Apprenticeship in Early Modern Europe

In November, Camebridge University Press published Apprenticeship in Early Modern Europe, a volume of essays edited by Prof Maarten Prak (Economic and Social History) and  Patrick Wallis (London School of Economics). Its ten chapters together offer the first European survey of apprenticeship in the 17th and 18th centuries.

Apprenticeship was an essential element of human capital formation, which in turn is increasingly seen as an important, perhaps even crucial element of economic growth. The book offers a systematic comparison of apprenticeship in many European countries and towns. Schools for vocational training only emerged in the 19th century. In an earlier age, this type of education was organized by craft guilds, or by private contract between a master and his pupil, sometimes a combination of both.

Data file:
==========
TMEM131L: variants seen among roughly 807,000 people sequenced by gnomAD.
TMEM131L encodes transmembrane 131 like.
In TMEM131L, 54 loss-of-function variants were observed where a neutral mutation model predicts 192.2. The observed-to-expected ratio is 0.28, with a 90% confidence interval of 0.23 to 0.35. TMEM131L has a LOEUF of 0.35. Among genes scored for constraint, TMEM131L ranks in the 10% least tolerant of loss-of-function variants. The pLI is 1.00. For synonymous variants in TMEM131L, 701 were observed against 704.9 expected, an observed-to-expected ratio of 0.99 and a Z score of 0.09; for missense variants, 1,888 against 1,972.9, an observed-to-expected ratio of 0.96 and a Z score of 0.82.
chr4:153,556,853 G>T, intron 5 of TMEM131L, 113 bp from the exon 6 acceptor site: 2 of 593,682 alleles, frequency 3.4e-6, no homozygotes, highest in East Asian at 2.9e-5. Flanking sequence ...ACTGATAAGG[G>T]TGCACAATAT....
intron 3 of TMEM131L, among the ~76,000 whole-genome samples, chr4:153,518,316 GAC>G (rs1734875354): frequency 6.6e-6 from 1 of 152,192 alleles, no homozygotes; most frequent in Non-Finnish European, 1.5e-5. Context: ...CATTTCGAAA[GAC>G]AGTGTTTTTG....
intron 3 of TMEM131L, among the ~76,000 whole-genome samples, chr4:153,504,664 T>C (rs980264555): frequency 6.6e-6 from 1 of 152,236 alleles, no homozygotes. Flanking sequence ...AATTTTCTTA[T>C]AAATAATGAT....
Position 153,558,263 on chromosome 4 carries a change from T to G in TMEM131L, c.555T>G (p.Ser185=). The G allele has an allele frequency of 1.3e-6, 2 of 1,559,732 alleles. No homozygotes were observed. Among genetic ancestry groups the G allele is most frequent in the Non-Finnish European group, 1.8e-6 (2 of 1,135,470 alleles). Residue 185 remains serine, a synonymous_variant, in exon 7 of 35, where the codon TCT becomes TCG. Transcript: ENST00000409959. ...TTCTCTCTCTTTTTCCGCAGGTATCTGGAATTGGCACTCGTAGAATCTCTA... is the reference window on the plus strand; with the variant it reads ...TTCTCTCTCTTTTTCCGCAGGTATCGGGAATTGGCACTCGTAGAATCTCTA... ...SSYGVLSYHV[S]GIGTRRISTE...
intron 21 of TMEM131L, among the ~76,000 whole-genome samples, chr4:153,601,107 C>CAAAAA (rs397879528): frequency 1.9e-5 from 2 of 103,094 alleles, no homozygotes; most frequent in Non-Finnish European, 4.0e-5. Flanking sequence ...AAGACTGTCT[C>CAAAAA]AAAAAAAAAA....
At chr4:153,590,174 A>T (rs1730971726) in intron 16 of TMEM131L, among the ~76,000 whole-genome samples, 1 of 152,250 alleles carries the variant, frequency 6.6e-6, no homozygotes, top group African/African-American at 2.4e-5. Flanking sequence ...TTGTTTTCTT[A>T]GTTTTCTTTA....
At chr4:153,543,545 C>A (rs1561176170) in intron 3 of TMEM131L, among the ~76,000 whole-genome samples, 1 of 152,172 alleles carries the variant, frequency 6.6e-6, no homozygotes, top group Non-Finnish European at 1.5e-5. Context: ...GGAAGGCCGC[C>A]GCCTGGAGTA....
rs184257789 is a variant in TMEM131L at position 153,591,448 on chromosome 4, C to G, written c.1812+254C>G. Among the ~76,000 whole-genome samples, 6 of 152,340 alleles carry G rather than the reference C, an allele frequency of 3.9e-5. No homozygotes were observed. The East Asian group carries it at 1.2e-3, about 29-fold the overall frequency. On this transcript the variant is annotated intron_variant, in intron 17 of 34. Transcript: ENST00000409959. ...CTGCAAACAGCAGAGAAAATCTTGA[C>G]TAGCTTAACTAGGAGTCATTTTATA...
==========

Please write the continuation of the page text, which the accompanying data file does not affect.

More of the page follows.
Prof. dr. Maarten Prak. Foto: Ed van Rijswijk
Prof. dr. Maarten Prak. Foto: Ed van Rijswijk

European system

The book demonstrates that apprenticeship was a genuinely European system, with local variations, which gave large numbers of youngsters, mostly boys, access to an education from people who were not relatives, nor necessarily living in their hometowns. Apprenticeship made craftsmanship and the attendant technologies accessible to large groups in society. In other parts of the world, family was much more important in such education, while formal structures were also lacking. This allowed European industries to progress relatively rapidly, already before the Industrial Revolution.